Nov 02, 2013 Quinn Thomas
Running background checks - be they financial or criminal - on job applicants is a standard practice of many companies to ensure they are hiring reliable and trustworthy individuals. However, these checks can be costly, making it difficult for organizations on a tight budget to perform their due diligence.
Government leaders in the Canadian province British Columbia are recognizing the difficulties of nonprofits, specifically, in affording critical criminal background checks by making the process free beginning at the end of November, CBC reported. The change was announced by B.C. Attorney General Suzanne Anton, who said that a $20 charge per check was too much for many groups to handle.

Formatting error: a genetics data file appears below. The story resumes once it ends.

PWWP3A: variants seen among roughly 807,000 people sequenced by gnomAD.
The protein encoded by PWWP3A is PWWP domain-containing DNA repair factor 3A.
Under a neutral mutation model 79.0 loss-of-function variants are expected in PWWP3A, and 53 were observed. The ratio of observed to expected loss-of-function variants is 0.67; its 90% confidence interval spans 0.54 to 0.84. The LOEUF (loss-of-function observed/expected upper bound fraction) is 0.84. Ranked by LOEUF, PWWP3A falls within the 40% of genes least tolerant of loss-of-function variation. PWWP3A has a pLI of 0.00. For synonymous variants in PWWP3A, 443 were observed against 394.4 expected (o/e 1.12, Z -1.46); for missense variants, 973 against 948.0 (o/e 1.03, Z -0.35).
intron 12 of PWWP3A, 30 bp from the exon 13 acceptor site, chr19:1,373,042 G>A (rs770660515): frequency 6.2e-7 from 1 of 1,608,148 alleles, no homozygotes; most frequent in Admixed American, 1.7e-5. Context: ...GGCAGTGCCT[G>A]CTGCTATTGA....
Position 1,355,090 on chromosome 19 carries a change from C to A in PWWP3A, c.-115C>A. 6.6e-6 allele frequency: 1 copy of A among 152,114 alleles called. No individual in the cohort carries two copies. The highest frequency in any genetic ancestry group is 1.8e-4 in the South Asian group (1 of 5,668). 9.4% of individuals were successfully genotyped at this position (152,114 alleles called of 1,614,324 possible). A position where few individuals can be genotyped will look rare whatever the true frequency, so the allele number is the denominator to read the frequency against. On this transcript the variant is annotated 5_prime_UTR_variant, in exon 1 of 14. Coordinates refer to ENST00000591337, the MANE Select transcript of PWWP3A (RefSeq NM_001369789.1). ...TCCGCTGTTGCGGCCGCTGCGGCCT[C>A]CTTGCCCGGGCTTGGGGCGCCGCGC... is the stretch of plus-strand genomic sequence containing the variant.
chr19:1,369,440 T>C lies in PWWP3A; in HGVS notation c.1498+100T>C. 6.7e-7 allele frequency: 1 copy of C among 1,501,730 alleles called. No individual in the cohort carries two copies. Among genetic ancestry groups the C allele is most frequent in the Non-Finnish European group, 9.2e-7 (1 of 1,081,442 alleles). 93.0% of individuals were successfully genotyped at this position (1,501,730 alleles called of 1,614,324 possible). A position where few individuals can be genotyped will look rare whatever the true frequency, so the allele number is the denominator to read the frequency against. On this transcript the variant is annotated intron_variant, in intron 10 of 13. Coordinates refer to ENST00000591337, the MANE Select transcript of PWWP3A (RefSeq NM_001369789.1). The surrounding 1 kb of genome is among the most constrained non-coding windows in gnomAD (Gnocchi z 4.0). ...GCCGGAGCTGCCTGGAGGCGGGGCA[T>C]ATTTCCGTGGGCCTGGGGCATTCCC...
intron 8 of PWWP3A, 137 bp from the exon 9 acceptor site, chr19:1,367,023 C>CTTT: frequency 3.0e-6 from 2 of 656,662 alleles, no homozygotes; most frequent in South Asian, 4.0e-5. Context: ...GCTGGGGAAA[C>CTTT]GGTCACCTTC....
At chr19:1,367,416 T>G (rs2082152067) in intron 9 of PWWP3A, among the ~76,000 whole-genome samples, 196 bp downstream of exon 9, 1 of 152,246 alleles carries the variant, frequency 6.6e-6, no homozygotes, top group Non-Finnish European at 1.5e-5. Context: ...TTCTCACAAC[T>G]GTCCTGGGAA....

"These changes are about relieving cost and time pressures for many volunteer and non-profit organizations so they can focus on delivering great services and programs," Anton said in a written statement cite published by CBC. "Many leading groups in the sector asked for relief from the costs of criminal record checks for their volunteers, and we're making it happen because it's absolutely the right thing to do."
Many nonprofits, especially those that work with vulnerable communities, require detailed criminal background checks for volunteers to prevent abuse and theft.